In 2018, 38% of the world’s population went to see a mental health professional. More than one in three people! Since the rise of the Internet and the increase in emotional isolation, and since going to the shrink no longer hurts your reputation, there is a demand… and also an offer.
So how do you choose?
Shrink… what does that actually mean?
Therapist is not (yet) a protected title in Switzerland, you and I can use it: my janitor, my insurer and my doctor can call themselves a couple therapist, a cat therapist or a soul therapist. Just like shaman or healer.
– Psychologist is a university degree rewarded after a generalist training on psychic functioning. A psychologist may have many specializations during or after her title, for example in sports psychology, occupational psychology or career counselling.
– In Switzerland, the title of psychotherapist is protected at the federal level since 2013. This title is available to holders of a degree in medicine (psychiatry) or psychology. A psychotherapist is qualified to accompany a person in psychological distress, and the way to do so will depend on her approach (her technique) as well as her character. It should be noted that economic criteria are taken into account: in Switzerland, doctors are reimbursed by basic insurance, psychologists by complementary insurance.
– Psychoanalyst is one of the many psychotherapeutic approaches, made famous by Woody Allen and eventually by Sigmund Freud.
– Psychiatrist is a medical specialty title. A psychiatrist is a doctor authorized to perform a medical act: medical prescription, work stoppage, for example. These doctors are mainly trained to make a precise diagnosis, and often to match it to a drug.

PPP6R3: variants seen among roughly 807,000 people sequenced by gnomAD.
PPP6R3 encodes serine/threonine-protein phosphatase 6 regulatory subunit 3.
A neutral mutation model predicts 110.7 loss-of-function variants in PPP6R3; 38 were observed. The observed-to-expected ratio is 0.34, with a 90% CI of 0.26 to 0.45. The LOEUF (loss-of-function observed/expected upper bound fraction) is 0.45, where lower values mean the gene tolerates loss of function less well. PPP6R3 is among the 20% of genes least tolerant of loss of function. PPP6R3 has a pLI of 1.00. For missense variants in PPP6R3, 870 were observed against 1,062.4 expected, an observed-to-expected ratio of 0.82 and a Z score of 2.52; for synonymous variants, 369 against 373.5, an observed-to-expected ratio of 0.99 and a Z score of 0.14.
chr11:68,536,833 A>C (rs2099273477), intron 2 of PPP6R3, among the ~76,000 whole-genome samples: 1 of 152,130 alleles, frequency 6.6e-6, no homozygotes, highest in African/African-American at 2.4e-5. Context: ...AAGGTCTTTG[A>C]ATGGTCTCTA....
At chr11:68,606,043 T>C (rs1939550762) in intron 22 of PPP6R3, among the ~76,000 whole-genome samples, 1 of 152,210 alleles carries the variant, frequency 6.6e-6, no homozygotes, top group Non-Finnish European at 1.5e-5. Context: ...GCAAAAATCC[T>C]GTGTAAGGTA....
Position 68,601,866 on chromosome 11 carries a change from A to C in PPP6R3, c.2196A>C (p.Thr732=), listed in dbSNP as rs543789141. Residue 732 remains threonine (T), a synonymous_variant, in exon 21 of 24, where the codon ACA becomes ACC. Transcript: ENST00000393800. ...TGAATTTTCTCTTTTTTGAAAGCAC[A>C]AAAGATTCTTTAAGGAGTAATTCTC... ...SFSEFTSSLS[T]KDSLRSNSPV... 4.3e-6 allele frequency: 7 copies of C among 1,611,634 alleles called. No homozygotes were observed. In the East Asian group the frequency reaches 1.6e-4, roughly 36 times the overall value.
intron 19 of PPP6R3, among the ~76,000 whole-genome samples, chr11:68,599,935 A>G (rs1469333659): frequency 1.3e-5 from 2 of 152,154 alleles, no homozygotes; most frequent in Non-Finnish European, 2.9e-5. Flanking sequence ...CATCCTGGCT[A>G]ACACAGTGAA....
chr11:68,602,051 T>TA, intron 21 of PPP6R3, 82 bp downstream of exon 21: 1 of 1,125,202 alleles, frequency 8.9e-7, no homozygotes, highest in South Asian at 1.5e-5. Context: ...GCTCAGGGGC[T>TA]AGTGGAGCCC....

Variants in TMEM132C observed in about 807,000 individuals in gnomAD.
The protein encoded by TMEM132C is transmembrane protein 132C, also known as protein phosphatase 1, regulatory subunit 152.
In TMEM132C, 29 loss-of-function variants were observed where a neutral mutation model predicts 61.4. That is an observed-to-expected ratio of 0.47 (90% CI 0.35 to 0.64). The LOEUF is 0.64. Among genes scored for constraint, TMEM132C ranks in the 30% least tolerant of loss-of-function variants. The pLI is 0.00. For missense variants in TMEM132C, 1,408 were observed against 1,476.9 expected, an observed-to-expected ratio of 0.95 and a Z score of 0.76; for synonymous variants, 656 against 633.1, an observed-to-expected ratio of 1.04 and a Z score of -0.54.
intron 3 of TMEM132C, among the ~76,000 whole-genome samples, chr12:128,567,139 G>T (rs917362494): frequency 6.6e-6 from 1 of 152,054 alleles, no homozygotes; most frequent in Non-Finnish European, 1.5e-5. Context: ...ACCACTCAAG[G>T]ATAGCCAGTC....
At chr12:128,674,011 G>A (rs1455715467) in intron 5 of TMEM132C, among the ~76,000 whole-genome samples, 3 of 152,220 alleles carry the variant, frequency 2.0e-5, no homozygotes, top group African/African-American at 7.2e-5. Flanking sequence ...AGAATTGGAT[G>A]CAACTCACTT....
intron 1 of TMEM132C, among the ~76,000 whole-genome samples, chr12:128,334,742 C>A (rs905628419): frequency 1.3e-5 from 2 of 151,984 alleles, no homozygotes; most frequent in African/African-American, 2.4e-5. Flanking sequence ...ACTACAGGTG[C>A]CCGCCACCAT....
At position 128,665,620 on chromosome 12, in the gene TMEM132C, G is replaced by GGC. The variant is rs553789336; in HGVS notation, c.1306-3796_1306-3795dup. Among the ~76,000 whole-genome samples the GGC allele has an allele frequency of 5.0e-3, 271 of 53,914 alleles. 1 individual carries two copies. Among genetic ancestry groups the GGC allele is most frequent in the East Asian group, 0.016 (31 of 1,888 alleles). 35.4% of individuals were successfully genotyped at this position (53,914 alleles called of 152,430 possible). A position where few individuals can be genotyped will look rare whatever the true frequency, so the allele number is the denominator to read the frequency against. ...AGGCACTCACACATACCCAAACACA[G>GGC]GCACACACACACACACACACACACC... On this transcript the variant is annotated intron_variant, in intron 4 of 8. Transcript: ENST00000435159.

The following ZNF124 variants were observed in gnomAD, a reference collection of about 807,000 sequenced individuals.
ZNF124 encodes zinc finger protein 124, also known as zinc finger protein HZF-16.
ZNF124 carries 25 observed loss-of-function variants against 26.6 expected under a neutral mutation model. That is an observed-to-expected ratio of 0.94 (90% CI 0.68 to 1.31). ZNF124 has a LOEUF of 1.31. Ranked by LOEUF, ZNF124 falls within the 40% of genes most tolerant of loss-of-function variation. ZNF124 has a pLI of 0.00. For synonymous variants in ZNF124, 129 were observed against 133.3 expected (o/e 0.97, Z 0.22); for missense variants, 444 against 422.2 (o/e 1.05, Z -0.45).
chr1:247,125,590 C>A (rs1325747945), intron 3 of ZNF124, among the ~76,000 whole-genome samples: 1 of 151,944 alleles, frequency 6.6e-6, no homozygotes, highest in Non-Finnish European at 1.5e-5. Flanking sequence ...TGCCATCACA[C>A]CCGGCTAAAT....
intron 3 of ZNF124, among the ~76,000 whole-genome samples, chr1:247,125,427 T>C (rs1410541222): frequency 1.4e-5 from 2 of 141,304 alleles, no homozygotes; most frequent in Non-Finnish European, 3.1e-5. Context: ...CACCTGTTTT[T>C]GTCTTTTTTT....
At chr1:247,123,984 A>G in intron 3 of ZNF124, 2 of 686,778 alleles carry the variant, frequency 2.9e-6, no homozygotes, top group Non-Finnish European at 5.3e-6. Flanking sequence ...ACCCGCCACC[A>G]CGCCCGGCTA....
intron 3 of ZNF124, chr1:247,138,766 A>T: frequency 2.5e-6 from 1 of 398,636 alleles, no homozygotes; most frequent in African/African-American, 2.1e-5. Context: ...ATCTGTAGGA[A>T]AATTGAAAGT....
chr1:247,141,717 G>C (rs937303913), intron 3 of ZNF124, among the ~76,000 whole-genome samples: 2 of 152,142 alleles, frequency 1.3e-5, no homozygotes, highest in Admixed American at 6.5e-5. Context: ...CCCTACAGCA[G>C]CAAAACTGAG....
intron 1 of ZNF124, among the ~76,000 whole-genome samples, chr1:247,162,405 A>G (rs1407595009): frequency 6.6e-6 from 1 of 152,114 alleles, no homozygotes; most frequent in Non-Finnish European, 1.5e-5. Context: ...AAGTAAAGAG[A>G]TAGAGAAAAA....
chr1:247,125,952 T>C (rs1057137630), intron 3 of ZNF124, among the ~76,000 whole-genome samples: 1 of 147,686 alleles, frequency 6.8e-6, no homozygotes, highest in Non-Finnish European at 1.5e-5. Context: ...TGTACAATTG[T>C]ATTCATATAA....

Why would I go to see a shrink in the first place?
“By going to see a shrink, you could get better. And you don’t want that! You have always managed to escape from shrinks despite your intense psychological suffering. Why suddenly give up after all these efforts?
Know this, going wrong gives you a type and allows you to inspire pity, which is very important for you. Seeing a shrink could lead you to take responsibility and finally deal with your own problems. And that’s terribly tiring. »
…for her method?
In Switzerland in 1994, there were about 250 recognized psychotherapeutic approaches; some of them having conflicting values, it’s useful to get informed. To give an example, one famous approach assumes that Man is born with destructive impulses and that his behaviour can be corrected, while another famous approach assumes that Man is born virtuous and that culture corrupts him.
We can therefore choose our therapist because we have affinities with her approach, or because our symptoms are considered more easily curable with a particular approach. If I have a phobia of flying and I have to take a plane on a business trip in 3 weeks, a brief solution-oriented therapy will be appropriate; however, it will not be a good choice if I want to understand where my existential discomfort comes from and achieve lasting results.
But which method?
Numerous studies have shown the effectiveness of psychotherapy regardless of the approach.
Important also to know is that a shrink’s approach is equivalent to initial training, and that often shrinks are trained all their lives (at least we hope so), more or less absorbing various techniques and experiences gleaned through training, intervisions, supervisions and meetings.
Some therapists even develop their own method:
Jorge Bucay, an Argentine psychiatrist, classifies approaches according to whether they work with the future (typically the cognitive-behavioural approach), the past (typically psychoanalysis) or the present (typically humanistic approaches such as Gestalt or the person-centred approach). He takes the example of a guy who shits in his pants, and tells his friend he’s going to see a shrink. He comes back 5 weeks later; his friend tells him:
“Back already? How was the therapy? “and he answers:
“I still shit in my pants, but now I’m wearing plastic panties” (the shrink took care of the future)
He goes to see another shrink and comes back 5 years later; his friend:
“How was the therapy? “and he answers:
“I still shit in my pants, but now I understand why” (the shrink took care of the past)
He goes to a third shrink and comes back five months later:
“How was it? “and he answers:
“I still shit in my pants, but now I don’t give a shit” (the shrink took care of the present)
…for the person she is